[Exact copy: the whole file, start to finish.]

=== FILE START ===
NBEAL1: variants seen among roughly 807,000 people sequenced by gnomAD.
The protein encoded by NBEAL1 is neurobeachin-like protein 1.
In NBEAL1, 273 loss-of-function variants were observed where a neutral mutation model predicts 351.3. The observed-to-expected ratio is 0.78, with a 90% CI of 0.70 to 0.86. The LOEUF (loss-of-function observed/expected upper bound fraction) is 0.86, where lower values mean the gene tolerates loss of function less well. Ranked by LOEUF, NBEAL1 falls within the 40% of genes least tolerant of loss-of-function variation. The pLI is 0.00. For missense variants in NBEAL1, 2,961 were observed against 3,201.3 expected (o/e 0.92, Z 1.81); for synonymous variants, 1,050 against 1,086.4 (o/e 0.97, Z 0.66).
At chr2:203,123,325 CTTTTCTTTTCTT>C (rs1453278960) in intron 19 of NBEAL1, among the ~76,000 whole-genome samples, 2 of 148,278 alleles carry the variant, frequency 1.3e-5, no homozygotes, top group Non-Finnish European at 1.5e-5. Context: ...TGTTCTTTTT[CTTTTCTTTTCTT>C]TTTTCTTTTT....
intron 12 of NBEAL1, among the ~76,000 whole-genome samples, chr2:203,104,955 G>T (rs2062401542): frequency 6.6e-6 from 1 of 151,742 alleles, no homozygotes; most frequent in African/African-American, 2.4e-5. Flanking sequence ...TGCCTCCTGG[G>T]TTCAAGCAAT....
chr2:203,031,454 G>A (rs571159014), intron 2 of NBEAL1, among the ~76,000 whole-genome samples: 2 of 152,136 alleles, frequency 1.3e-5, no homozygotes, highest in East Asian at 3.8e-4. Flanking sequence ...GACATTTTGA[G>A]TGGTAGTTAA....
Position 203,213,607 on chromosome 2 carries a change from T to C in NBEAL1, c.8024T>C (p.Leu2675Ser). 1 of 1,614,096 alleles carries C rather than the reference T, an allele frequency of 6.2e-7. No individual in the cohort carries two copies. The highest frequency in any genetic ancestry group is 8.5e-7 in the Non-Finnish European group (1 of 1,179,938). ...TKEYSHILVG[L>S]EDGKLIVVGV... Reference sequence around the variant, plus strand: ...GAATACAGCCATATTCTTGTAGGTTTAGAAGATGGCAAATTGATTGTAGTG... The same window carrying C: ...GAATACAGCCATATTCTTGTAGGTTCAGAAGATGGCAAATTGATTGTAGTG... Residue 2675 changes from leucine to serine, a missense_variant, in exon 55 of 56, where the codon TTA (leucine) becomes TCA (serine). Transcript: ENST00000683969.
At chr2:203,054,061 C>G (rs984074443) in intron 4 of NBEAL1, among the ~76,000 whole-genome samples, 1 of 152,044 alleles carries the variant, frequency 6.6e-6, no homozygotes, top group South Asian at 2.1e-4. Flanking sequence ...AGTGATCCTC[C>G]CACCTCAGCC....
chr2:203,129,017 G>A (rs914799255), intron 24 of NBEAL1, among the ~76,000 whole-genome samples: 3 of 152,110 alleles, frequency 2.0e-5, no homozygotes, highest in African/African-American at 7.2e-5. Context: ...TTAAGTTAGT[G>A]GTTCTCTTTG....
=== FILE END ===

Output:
NBEAL1: variants seen among roughly 807,000 people sequenced by gnomAD.
The protein encoded by NBEAL1 is neurobeachin-like protein 1.
In NBEAL1, 273 loss-of-function variants were observed where a neutral mutation model predicts 351.3. The observed-to-expected ratio is 0.78, with a 90% CI of 0.70 to 0.86. The LOEUF (loss-of-function observed/expected upper bound fraction) is 0.86, where lower values mean the gene tolerates loss of function less well. Ranked by LOEUF, NBEAL1 falls within the 40% of genes least tolerant of loss-of-function variation. The pLI is 0.00. For missense variants in NBEAL1, 2,961 were observed against 3,201.3 expected (o/e 0.92, Z 1.81); for synonymous variants, 1,050 against 1,086.4 (o/e 0.97, Z 0.66).
At chr2:203,123,325 CTTTTCTTTTCTT>C (rs1453278960) in intron 19 of NBEAL1, among the ~76,000 whole-genome samples, 2 of 148,278 alleles carry the variant, frequency 1.3e-5, no homozygotes, top group Non-Finnish European at 1.5e-5. Context: ...TGTTCTTTTT[CTTTTCTTTTCTT>C]TTTTCTTTTT....
intron 12 of NBEAL1, among the ~76,000 whole-genome samples, chr2:203,104,955 G>T (rs2062401542): frequency 6.6e-6 from 1 of 151,742 alleles, no homozygotes; most frequent in African/African-American, 2.4e-5. Flanking sequence ...TGCCTCCTGG[G>T]TTCAAGCAAT....
chr2:203,031,454 G>A (rs571159014), intron 2 of NBEAL1, among the ~76,000 whole-genome samples: 2 of 152,136 alleles, frequency 1.3e-5, no homozygotes, highest in East Asian at 3.8e-4. Flanking sequence ...GACATTTTGA[G>A]TGGTAGTTAA....
Position 203,213,607 on chromosome 2 carries a change from T to C in NBEAL1, c.8024T>C (p.Leu2675Ser). 1 of 1,614,096 alleles carries C rather than the reference T, an allele frequency of 6.2e-7. No individual in the cohort carries two copies. The highest frequency in any genetic ancestry group is 8.5e-7 in the Non-Finnish European group (1 of 1,179,938). ...TKEYSHILVG[L>S]EDGKLIVVGV... Reference sequence around the variant, plus strand: ...GAATACAGCCATATTCTTGTAGGTTTAGAAGATGGCAAATTGATTGTAGTG... The same window carrying C: ...GAATACAGCCATATTCTTGTAGGTTCAGAAGATGGCAAATTGATTGTAGTG... Residue 2675 changes from leucine to serine, a missense_variant, in exon 55 of 56, where the codon TTA (leucine) becomes TCA (serine). Transcript: ENST00000683969.
At chr2:203,054,061 C>G (rs984074443) in intron 4 of NBEAL1, among the ~76,000 whole-genome samples, 1 of 152,044 alleles carries the variant, frequency 6.6e-6, no homozygotes, top group South Asian at 2.1e-4. Flanking sequence ...AGTGATCCTC[C>G]CACCTCAGCC....
chr2:203,129,017 G>A (rs914799255), intron 24 of NBEAL1, among the ~76,000 whole-genome samples: 3 of 152,110 alleles, frequency 2.0e-5, no homozygotes, highest in African/African-American at 7.2e-5. Context: ...TTAAGTTAGT[G>A]GTTCTCTTTG....